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Restoring the canopy health of declining native trees

Barber, P.A. (2013) Restoring the canopy health of declining native trees. Western Wildlife, 17 (2). pp. 8-10.

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The rapid decline in health of native trees across the south-west of WA over recent years is causing great concern. Over the past two years we have had many enquiries from landholders about the cause(s) of decline of their trees, and whether there is anything they can do to alleviate this decline. The loss of old, significant trees can be devastating for the landholder, not to mention for the associated flora and fauna reliant upon these iconic and dominant canopy species.

Most of our enquiries concern marri, tuart, jarrah, WA peppermint, flooded gum and banksia. If people see jarrah or banksia declining or dying they often assume Phytophthora to be the cause, or if they notice marri declining, they assume it is the marri canker. It is always very dangerous to assume though, as mis-diagnosis is very common indeed and we have observed many examples where sudden death of jarrah or banksia has not been due to Phytophthora. The role of the forest pathologist is to consider all the factors that may predispose, incite or contribute to a decline in health of a specimen, and there can be many factors to consider. A change in climate or increasing age can predispose trees to decline, factors such as pathogens, pests, drought or a frost event may incite the decline, and over time, other contributing factors like canker fungi and pests can increase the severity of this decline to a stage where the tree can no longer naturally recover and will eventually die.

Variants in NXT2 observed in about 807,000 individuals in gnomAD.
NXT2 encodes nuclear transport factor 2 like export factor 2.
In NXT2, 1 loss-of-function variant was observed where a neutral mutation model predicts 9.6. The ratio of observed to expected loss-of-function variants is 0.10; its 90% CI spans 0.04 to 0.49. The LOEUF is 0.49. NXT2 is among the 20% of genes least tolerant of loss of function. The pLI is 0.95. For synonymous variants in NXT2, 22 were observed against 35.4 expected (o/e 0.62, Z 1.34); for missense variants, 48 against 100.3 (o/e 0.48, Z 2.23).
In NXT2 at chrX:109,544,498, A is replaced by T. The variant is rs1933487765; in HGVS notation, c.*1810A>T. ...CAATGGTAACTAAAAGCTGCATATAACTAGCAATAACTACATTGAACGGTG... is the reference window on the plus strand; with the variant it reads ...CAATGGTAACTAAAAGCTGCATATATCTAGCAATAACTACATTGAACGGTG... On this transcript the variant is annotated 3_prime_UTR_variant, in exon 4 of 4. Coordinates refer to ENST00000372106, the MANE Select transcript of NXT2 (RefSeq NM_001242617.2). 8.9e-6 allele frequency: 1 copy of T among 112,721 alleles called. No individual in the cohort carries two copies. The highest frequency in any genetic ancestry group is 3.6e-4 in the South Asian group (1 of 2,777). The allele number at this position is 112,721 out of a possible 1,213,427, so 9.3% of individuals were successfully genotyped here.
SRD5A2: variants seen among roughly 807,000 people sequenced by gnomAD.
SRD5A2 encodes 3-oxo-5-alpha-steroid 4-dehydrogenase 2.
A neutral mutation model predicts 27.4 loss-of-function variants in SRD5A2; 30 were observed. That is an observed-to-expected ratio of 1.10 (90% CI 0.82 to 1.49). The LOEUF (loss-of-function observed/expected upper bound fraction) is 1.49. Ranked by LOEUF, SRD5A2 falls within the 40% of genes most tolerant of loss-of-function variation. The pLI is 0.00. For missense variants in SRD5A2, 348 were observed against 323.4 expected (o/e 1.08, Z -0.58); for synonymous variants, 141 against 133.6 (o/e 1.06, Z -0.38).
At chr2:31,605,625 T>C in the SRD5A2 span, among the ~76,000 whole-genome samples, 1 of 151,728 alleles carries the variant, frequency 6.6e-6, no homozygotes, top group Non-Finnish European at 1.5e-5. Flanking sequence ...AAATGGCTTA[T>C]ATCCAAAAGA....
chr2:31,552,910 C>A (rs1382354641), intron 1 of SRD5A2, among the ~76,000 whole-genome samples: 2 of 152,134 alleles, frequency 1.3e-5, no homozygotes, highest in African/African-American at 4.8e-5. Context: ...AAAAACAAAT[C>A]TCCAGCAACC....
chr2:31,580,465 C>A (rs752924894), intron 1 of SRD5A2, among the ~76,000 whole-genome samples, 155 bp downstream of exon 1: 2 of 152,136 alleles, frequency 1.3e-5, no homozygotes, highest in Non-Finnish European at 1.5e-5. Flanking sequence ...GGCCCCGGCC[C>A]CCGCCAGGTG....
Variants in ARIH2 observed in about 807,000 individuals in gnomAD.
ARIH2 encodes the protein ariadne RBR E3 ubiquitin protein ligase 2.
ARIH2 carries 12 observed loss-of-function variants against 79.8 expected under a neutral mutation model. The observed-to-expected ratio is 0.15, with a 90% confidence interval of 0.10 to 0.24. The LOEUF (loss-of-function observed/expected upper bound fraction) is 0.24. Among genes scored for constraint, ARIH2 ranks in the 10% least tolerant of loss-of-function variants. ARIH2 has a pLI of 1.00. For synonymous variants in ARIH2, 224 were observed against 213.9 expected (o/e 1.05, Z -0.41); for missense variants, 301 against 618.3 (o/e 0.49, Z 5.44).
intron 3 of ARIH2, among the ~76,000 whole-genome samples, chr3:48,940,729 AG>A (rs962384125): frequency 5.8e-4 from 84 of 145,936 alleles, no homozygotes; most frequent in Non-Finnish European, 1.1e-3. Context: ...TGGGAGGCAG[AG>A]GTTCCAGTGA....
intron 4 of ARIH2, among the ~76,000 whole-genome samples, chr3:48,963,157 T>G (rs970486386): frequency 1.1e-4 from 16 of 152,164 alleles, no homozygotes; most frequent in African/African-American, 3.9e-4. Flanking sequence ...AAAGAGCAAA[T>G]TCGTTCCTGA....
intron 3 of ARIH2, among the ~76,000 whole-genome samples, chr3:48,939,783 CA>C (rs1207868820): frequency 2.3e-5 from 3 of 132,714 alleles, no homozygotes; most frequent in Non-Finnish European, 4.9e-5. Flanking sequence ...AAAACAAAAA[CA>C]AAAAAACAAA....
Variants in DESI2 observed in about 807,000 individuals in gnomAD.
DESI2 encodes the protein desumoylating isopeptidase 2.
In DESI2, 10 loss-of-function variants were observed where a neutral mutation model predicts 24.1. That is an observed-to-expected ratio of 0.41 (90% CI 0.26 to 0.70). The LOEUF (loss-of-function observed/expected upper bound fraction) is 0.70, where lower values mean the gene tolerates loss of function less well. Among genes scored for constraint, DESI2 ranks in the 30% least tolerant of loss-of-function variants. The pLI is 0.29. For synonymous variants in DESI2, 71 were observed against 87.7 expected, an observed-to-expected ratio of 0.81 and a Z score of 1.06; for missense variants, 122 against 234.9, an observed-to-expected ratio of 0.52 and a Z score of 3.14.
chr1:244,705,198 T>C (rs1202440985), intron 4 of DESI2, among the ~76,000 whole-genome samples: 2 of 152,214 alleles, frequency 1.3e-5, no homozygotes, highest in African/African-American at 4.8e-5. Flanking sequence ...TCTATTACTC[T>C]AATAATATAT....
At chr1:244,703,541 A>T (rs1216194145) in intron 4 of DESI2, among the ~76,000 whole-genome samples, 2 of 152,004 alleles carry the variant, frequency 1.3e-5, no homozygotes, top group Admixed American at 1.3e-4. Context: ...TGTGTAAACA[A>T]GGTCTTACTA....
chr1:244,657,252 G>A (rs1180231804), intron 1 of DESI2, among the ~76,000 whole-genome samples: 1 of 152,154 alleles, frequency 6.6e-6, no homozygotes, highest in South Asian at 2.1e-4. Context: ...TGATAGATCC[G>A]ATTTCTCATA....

Item Type: Journal Article
Murdoch Affiliation(s): Centre of Excellence for Climate Change and Forest and Woodland Health
Publisher: Dept. of Conservation and Land Management
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